Although initially established and mainly inhabited by Hungarian and Czech immigrants, the Stockyards have grown to be a very diverse neighborhood with a large increase in African American and Latino residents since 2010. The Stockyard neighborhood is home to over 9,195 residents. Overall the population of the Stockyard neighborhood is approximately 66.8% white, 21.7% black, 0.4% Asian, and 11.1% other/more than one race. Approximately 32% of residents identify as Latinx. Median household income for the area is $21,292.
The Stockyard neighborhood derives its name from The Cleveland Union Stockyards Co. which covered 13 acres of property at 3200 W. 65th Street from 1893 until 1963 when its doors were officially closed. Cleveland Union Stockyards moved to W. 65th Street after its original site on Scranton was destroyed by a landslide. In the 1920s, it was the 7th largest stockyard in the country and continuing to experience growth through the 1940s when Cleveland was one of the largest meat-processing centers in the United States. Due to many factors including diet, distribution and other social and marketing trends, the stockyard industry reached a state of decline after the 1940s and continued to decline until the Cleveland Union Stockyard Co. had no choice but to shut its doors in 1968.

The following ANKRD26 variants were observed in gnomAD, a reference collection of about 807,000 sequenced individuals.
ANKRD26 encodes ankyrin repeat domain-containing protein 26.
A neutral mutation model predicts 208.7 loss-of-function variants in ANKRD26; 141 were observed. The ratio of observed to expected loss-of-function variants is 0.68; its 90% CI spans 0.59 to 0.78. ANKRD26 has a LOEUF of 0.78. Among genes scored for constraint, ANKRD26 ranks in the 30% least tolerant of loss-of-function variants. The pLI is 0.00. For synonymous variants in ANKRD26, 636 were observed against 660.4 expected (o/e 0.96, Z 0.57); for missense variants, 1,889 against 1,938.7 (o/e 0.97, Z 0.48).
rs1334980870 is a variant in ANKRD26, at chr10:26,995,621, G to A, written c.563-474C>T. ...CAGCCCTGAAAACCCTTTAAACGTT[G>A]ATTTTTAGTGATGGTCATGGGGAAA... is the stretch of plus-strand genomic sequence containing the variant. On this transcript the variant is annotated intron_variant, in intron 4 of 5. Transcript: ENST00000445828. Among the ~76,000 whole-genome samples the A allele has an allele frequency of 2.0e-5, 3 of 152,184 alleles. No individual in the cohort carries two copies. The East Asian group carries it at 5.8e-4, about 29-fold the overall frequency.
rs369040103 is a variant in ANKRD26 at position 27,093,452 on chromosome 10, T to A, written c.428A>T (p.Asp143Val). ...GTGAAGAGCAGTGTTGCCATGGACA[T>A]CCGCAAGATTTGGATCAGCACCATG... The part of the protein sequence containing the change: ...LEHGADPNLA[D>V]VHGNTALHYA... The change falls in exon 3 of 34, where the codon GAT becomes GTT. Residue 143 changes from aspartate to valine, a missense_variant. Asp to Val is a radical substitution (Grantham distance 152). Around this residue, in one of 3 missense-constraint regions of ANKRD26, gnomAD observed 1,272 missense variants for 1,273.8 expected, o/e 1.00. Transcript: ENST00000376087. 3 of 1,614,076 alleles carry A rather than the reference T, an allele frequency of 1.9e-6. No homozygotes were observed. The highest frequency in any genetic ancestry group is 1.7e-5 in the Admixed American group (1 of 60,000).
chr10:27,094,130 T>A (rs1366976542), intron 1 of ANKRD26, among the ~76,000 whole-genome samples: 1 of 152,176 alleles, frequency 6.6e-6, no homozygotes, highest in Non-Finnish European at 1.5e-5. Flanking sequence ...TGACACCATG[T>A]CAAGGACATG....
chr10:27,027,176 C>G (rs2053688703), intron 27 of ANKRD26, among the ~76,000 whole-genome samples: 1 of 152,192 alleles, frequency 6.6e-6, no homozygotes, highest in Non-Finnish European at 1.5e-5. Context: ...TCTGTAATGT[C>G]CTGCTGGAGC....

The Stockyard neighborhood was also home to Pilsener Brewing Company, located at the intersection of Clark Avenue and W. 65th Street. The brewery was established in 1893 by Wenzel Medlin, and got its name from the Czech city of Pilsen where the style of beer originated. The brewery bottled four beers, including P.O.C., which stood for Pilsener of Cleveland. Prohibition put bottling on hold in 1919 but it resumed again in 1933 when the amendment was lifted. Pilsener Brewing Company operations were shut down in 1963 when it was bought by Duquesne Brewing Company.
The establishment of industries, such as The Cleveland Union Stockyards Co. and Pilsener Brewing Company in the late 1800s, meant an influx of residents to the neighborhood, as employees were looking to live close to their places of employment. Small houses were built quickly throughout the Stockyard neighborhood, resulting in a large number of worker-style cottages, which are smaller and were lower cost to build.
Adding to the community’s diversity, the Stockyards is home to Thomas Jefferson Newcomers Academy, Cleveland’s public school that focuses on newcomer students who speak little to no English. In an effort to revitalize the area around Thomas Jefferson and fill vacant homes, the concept of the International Village was formed. The plan for the International Village, situated in the area within half a mile of the school, is to rehab homes and provide them as housing to new refugee families. Ideal for immigrant families with children who would have easy access to school.